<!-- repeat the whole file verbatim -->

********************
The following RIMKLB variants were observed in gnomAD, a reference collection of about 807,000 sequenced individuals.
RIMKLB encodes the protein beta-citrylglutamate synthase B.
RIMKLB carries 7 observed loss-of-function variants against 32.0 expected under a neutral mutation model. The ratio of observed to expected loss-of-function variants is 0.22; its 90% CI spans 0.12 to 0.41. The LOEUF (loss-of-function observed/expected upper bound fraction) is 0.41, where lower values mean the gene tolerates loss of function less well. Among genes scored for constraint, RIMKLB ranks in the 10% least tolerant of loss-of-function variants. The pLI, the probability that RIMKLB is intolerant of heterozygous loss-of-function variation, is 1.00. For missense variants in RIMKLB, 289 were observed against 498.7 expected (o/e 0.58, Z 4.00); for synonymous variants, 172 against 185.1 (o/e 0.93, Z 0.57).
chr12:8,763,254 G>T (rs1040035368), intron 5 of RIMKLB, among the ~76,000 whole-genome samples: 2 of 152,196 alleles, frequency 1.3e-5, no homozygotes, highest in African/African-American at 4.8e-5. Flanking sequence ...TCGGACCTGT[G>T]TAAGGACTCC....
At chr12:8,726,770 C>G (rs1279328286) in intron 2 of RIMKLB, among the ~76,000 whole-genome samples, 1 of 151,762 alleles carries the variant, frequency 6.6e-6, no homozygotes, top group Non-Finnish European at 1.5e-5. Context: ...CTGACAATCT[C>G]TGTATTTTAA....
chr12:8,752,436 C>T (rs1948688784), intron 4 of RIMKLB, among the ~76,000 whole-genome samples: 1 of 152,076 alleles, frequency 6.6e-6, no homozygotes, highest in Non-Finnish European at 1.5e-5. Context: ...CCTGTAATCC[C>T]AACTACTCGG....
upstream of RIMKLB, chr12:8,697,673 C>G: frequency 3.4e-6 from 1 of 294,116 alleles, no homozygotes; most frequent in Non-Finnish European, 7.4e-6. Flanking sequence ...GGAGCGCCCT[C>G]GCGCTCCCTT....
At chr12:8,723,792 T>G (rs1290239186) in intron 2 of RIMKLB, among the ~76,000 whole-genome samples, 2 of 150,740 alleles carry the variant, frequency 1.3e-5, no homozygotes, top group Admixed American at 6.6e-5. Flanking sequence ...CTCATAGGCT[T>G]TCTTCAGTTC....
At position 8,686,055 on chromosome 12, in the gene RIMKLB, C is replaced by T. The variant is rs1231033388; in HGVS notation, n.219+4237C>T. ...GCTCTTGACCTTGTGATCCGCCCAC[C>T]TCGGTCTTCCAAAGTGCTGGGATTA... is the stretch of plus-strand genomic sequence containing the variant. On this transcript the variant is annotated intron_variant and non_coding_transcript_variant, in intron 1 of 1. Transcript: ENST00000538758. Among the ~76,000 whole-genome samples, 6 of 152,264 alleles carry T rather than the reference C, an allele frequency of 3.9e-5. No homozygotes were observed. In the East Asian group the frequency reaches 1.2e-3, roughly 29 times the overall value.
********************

The following RIMKLB variants were observed in gnomAD, a reference collection of about 807,000 sequenced individuals.
RIMKLB encodes the protein beta-citrylglutamate synthase B.
RIMKLB carries 7 observed loss-of-function variants against 32.0 expected under a neutral mutation model. The ratio of observed to expected loss-of-function variants is 0.22; its 90% CI spans 0.12 to 0.41. The LOEUF (loss-of-function observed/expected upper bound fraction) is 0.41, where lower values mean the gene tolerates loss of function less well. Among genes scored for constraint, RIMKLB ranks in the 10% least tolerant of loss-of-function variants. The pLI, the probability that RIMKLB is intolerant of heterozygous loss-of-function variation, is 1.00. For missense variants in RIMKLB, 289 were observed against 498.7 expected (o/e 0.58, Z 4.00); for synonymous variants, 172 against 185.1 (o/e 0.93, Z 0.57).
chr12:8,763,254 G>T (rs1040035368), intron 5 of RIMKLB, among the ~76,000 whole-genome samples: 2 of 152,196 alleles, frequency 1.3e-5, no homozygotes, highest in African/African-American at 4.8e-5. Flanking sequence ...TCGGACCTGT[G>T]TAAGGACTCC....
At chr12:8,726,770 C>G (rs1279328286) in intron 2 of RIMKLB, among the ~76,000 whole-genome samples, 1 of 151,762 alleles carries the variant, frequency 6.6e-6, no homozygotes, top group Non-Finnish European at 1.5e-5. Context: ...CTGACAATCT[C>G]TGTATTTTAA....
chr12:8,752,436 C>T (rs1948688784), intron 4 of RIMKLB, among the ~76,000 whole-genome samples: 1 of 152,076 alleles, frequency 6.6e-6, no homozygotes, highest in Non-Finnish European at 1.5e-5. Context: ...CCTGTAATCC[C>T]AACTACTCGG....
upstream of RIMKLB, chr12:8,697,673 C>G: frequency 3.4e-6 from 1 of 294,116 alleles, no homozygotes; most frequent in Non-Finnish European, 7.4e-6. Flanking sequence ...GGAGCGCCCT[C>G]GCGCTCCCTT....
At chr12:8,723,792 T>G (rs1290239186) in intron 2 of RIMKLB, among the ~76,000 whole-genome samples, 2 of 150,740 alleles carry the variant, frequency 1.3e-5, no homozygotes, top group Admixed American at 6.6e-5. Flanking sequence ...CTCATAGGCT[T>G]TCTTCAGTTC....
At position 8,686,055 on chromosome 12, in the gene RIMKLB, C is replaced by T. The variant is rs1231033388; in HGVS notation, n.219+4237C>T. ...GCTCTTGACCTTGTGATCCGCCCAC[C>T]TCGGTCTTCCAAAGTGCTGGGATTA... is the stretch of plus-strand genomic sequence containing the variant. On this transcript the variant is annotated intron_variant and non_coding_transcript_variant, in intron 1 of 1. Transcript: ENST00000538758. Among the ~76,000 whole-genome samples, 6 of 152,264 alleles carry T rather than the reference C, an allele frequency of 3.9e-5. No homozygotes were observed. In the East Asian group the frequency reaches 1.2e-3, roughly 29 times the overall value.